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S.L. Scott Headshot

Young Adult, New Adult... Mid-Adult?

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It's interesting to see what happens to youth once life gets a hold of it, gives it a dose of reality, and sets it free again. There's a new genre popping up on Amazon and Goodreads that's exploring these types of stories. At the heels of the best sellers in New Adult, readers are beginning to incorporate what I like to call Mid-Adult into their reading mix. Mid-Adult contains characters that range from the ages of 35 to late 40s. Yes, some might call that middle age, but I prefer Mid-Adult. Middle age sounds more dated and older than these characters, which tend to be vibrant and worldly.

In this genre, the main characters have explored many paths, sometimes choosing the wrong one that has lead them to this stage. They have learned from their mistakes, but struggle to change their destiny. From the best-selling Gone Girl by Gillian Flynn to Geoducks Are For Lovers by Daisy Prescott, and the return of Bridget Jones in Mad About the Boy by Helen Fielding, we're seeing a growing interest not only by writers of this genre, but also among the readers of popular youth-focused books seeking books featuring characters of Generation X.

These characters have experienced heartache, regrets, and happiness. They have memories of lost loves and crazy antics from years past. They have lived interesting -- sometimes fulfilling, sometimes empty -- lives and find themselves in a new place on this journey of life. Things that once seemed monumental pale in comparison to what matters and these protagonists usually find themselves at a crossroad when we meet them.

I've seen readers say they feel they are cheating on their New Adult book loves with these more worn, wiser characters of Mid-Adult... and they like it. So does that mean that a character can be sexy after 25? Of course they can. In my opinion, I think readers are realizing life doesn't end when the characters turn 30. Writers in this genre have new stories to tell that are sprinkled with a past that enriches their character's journey. The Mid-Adult books I've read tend to lean more on the romantic side, such as Geoducks, which is described as Reality Bites meets The Big Chill. This story brings the past and life lessons full circle when presented with an opportunity the main character never expected to have. Reading reviews, rants, and raves about Gone Girl proves this genre can also cross boundaries, garnering a new audience by not necessarily giving us likeable characters, but crafting the intrigue to keep the reader invested in the story.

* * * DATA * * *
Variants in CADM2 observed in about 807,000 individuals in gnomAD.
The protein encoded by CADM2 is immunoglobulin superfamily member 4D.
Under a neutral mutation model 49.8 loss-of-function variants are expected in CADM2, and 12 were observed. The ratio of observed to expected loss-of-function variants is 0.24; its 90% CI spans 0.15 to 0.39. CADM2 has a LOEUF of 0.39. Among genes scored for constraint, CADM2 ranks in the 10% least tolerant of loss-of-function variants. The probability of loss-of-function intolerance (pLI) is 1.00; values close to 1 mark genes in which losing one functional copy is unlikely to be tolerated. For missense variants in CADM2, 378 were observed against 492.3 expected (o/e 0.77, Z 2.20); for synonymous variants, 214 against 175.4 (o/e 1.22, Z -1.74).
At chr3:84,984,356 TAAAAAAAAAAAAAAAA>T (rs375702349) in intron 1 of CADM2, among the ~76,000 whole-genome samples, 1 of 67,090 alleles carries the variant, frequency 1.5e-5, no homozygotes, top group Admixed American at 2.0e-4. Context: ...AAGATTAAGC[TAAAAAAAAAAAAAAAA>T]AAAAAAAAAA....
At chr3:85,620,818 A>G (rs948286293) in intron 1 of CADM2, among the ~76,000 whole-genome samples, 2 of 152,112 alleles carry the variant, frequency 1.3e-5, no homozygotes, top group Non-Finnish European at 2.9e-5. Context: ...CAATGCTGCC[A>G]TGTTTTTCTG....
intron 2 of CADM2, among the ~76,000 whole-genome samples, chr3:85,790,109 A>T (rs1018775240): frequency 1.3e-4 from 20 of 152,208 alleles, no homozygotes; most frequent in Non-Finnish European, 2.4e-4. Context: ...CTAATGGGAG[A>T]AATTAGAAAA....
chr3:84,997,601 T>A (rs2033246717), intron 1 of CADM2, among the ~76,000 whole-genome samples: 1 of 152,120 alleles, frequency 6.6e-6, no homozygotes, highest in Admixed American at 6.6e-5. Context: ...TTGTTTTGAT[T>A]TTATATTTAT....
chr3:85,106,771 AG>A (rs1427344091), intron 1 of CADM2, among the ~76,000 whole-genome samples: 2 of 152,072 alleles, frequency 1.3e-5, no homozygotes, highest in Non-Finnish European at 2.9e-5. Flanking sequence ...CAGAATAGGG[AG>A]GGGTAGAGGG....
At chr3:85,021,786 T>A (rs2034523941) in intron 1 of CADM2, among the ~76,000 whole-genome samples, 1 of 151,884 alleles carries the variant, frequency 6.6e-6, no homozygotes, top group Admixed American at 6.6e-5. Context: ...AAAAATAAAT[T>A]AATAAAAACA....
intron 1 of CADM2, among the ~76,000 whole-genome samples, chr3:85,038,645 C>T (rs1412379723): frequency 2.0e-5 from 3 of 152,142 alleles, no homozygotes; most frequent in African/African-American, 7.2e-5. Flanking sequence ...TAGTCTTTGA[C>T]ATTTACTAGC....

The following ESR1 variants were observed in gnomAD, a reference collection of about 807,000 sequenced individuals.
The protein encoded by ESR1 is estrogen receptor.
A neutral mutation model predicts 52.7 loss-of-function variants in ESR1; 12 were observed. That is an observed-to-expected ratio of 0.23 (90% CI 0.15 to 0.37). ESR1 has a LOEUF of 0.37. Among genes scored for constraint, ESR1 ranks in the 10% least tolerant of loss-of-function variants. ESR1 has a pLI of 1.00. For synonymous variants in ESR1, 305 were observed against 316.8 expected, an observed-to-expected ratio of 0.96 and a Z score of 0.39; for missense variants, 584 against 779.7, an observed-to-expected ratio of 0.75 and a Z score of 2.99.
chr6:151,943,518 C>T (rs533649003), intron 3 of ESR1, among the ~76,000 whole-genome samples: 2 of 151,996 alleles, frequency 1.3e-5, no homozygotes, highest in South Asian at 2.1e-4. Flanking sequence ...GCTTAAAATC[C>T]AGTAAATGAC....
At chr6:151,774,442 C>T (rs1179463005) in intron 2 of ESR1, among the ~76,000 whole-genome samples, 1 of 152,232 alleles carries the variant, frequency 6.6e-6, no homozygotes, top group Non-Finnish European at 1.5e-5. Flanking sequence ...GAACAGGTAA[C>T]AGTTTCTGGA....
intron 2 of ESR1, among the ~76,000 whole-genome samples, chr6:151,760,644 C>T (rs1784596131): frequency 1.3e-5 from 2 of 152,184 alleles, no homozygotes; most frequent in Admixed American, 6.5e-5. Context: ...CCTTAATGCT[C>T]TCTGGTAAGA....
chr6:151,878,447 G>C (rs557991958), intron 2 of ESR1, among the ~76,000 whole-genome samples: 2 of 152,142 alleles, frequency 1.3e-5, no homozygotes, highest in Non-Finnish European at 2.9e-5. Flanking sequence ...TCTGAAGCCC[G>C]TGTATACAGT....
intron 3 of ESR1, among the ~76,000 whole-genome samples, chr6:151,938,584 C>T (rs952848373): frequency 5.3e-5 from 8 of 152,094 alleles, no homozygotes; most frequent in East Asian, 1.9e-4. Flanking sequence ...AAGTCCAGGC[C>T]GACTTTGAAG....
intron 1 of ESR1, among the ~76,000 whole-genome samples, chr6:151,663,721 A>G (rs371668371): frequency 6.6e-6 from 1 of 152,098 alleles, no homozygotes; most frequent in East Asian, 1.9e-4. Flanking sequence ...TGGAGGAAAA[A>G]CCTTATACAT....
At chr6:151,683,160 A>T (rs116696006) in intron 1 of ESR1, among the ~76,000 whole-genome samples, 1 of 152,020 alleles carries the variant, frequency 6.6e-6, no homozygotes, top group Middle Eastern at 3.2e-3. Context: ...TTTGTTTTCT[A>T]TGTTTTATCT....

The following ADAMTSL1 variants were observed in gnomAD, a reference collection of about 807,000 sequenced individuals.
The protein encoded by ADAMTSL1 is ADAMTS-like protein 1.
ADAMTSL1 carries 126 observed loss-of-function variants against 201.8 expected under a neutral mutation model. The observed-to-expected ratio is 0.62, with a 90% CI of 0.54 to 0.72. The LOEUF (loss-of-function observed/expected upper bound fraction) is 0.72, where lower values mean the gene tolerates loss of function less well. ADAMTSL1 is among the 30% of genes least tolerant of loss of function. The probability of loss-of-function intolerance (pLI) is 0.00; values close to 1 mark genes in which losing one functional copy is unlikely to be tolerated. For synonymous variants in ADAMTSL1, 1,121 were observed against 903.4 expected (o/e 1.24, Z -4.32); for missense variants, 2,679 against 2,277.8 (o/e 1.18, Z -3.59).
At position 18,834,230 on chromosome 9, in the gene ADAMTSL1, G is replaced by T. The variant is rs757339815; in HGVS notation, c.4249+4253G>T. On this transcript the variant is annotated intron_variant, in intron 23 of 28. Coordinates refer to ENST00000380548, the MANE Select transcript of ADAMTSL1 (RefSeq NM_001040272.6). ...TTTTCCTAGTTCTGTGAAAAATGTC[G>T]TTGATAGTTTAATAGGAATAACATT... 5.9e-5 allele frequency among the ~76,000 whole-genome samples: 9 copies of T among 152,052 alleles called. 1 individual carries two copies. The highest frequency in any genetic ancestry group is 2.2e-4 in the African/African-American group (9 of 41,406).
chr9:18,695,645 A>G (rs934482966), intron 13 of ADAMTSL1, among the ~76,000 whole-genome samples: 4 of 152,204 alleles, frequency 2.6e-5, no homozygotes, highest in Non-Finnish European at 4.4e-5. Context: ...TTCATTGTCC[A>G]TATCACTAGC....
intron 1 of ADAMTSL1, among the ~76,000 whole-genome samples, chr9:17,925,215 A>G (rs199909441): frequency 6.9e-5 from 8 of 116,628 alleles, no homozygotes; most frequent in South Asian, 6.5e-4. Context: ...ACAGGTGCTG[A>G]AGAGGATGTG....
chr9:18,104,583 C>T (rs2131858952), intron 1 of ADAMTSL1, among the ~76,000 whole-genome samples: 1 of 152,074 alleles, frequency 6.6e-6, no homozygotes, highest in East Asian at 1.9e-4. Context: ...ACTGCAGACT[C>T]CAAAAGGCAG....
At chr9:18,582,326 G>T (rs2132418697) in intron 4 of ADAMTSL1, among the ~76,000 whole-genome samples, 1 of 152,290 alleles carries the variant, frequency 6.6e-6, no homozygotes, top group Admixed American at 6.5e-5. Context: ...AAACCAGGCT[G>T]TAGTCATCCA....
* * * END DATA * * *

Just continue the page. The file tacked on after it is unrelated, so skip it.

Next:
There is so much readily available to read that I think readers are gravitating toward this new genre because they relate to the flawed characters or to those who remind us of someone we know. Mid-Adult offers a comfort of life experience and missed chances, second chances, and new opportunities. But within this genre, we might not get everything wrapped up in a pretty bow at the end. When I'm reading a novel, I want an ending that fits the story and those particular characters. I'm good with an ending that's not perfect, but suitable for that story. Mid-Adult ventures into those more realistic ever-afters.

For writers, this is an opportunity to explore a period of life that is usually left for more literary genres, but can now be viewed under comedic, romantic, and even wicked spotlights. Two of the three books I mentioned are traditionally published, proving the publishing industry is embracing this genre as much as readers.